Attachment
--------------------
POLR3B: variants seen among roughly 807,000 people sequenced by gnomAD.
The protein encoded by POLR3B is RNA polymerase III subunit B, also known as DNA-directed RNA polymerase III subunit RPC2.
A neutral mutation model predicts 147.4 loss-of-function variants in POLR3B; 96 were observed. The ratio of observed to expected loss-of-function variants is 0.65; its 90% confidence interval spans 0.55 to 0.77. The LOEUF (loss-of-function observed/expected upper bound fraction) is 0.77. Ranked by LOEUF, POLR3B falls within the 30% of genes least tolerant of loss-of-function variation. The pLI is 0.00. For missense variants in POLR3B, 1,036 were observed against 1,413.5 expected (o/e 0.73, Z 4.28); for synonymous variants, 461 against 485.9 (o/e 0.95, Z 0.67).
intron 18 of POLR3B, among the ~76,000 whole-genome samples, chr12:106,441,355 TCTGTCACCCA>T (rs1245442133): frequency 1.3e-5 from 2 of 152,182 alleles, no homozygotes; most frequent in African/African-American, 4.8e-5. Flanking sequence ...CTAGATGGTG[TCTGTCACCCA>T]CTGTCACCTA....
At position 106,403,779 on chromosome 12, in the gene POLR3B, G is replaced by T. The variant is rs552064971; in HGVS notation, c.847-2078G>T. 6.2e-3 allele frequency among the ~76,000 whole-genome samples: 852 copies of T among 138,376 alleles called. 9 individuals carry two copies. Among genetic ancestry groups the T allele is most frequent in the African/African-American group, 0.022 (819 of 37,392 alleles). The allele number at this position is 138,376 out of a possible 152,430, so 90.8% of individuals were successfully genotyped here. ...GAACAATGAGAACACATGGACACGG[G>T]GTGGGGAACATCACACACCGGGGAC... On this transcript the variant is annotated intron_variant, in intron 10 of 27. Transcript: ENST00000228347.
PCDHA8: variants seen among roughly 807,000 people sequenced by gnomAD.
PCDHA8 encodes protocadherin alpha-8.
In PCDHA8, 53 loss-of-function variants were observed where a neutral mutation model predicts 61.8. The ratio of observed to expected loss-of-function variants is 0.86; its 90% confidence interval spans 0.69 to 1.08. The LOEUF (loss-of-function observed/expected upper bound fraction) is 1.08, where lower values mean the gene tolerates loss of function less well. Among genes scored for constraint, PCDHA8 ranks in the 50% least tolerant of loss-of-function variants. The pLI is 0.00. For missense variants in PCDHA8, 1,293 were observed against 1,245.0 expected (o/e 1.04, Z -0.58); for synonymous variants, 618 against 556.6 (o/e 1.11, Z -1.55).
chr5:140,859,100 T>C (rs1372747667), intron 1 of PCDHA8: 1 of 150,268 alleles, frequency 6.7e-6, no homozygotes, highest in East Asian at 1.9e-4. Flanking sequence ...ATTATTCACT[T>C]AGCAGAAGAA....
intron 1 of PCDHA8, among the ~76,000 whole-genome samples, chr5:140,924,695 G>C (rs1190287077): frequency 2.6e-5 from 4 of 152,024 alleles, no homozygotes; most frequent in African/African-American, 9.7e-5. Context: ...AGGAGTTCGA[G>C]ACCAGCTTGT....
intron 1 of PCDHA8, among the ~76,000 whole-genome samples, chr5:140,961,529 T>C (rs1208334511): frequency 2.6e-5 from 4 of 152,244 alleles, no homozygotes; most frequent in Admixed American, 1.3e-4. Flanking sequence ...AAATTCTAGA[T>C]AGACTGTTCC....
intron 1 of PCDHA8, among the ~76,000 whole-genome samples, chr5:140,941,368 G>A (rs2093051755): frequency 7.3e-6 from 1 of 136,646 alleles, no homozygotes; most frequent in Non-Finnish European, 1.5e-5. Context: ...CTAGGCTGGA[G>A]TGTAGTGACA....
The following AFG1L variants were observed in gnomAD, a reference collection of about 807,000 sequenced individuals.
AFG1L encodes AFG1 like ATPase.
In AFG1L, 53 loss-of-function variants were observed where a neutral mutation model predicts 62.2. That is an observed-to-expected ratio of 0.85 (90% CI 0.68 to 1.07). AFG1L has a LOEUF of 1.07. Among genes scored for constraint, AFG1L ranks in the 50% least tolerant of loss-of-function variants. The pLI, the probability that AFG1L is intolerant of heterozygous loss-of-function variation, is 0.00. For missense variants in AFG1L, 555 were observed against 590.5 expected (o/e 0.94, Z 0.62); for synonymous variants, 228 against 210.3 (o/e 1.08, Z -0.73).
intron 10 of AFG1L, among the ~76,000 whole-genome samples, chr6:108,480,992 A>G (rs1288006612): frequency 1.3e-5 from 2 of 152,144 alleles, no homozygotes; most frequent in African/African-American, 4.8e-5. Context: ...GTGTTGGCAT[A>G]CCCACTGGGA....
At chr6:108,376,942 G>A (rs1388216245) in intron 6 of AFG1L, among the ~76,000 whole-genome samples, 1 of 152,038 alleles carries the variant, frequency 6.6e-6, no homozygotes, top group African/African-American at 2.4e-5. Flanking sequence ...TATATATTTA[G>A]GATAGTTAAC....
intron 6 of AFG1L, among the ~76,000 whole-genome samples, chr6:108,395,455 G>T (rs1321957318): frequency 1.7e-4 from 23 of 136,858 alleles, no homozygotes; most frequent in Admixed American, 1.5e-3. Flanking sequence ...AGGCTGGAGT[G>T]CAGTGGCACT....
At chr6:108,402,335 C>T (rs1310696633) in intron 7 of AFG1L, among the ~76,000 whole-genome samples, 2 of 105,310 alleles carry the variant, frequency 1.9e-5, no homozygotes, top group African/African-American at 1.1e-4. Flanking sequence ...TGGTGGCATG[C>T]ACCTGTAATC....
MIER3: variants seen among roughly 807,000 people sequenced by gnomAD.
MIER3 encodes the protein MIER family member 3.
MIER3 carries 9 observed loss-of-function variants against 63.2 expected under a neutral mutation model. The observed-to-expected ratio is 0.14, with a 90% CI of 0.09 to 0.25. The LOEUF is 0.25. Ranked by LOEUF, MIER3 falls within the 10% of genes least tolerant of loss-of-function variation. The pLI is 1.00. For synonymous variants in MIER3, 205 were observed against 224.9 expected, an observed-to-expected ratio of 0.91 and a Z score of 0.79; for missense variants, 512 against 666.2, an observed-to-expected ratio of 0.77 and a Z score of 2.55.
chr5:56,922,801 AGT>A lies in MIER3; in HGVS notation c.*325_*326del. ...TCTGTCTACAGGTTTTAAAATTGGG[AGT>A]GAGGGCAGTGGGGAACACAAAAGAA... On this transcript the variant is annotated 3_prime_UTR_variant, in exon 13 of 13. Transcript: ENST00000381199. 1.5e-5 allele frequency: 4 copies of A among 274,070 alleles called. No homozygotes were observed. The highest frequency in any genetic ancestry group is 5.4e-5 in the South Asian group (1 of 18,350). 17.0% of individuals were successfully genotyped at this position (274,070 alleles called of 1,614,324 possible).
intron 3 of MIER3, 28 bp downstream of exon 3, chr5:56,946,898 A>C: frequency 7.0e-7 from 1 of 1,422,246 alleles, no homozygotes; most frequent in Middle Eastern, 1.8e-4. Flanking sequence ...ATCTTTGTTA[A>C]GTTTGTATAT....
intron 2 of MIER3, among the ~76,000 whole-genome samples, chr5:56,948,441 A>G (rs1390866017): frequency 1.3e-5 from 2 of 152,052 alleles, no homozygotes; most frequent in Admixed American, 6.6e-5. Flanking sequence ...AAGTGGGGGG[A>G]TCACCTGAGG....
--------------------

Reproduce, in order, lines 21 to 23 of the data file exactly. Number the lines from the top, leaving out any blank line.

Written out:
MIER3 encodes the protein MIER family member 3.
MIER3 carries 9 observed loss-of-function variants against 63.2 expected under a neutral mutation model. The observed-to-expected ratio is 0.14, with a 90% CI of 0.09 to 0.25. The LOEUF is 0.25. Ranked by LOEUF, MIER3 falls within the 10% of genes least tolerant of loss-of-function variation. The pLI is 1.00. For synonymous variants in MIER3, 205 were observed against 224.9 expected, an observed-to-expected ratio of 0.91 and a Z score of 0.79; for missense variants, 512 against 666.2, an observed-to-expected ratio of 0.77 and a Z score of 2.55.
chr5:56,922,801 AGT>A lies in MIER3; in HGVS notation c.*325_*326del. ...TCTGTCTACAGGTTTTAAAATTGGG[AGT>A]GAGGGCAGTGGGGAACACAAAAGAA... On this transcript the variant is annotated 3_prime_UTR_variant, in exon 13 of 13. Transcript: ENST00000381199. 1.5e-5 allele frequency: 4 copies of A among 274,070 alleles called. No homozygotes were observed. The highest frequency in any genetic ancestry group is 5.4e-5 in the South Asian group (1 of 18,350). 17.0% of individuals were successfully genotyped at this position (274,070 alleles called of 1,614,324 possible).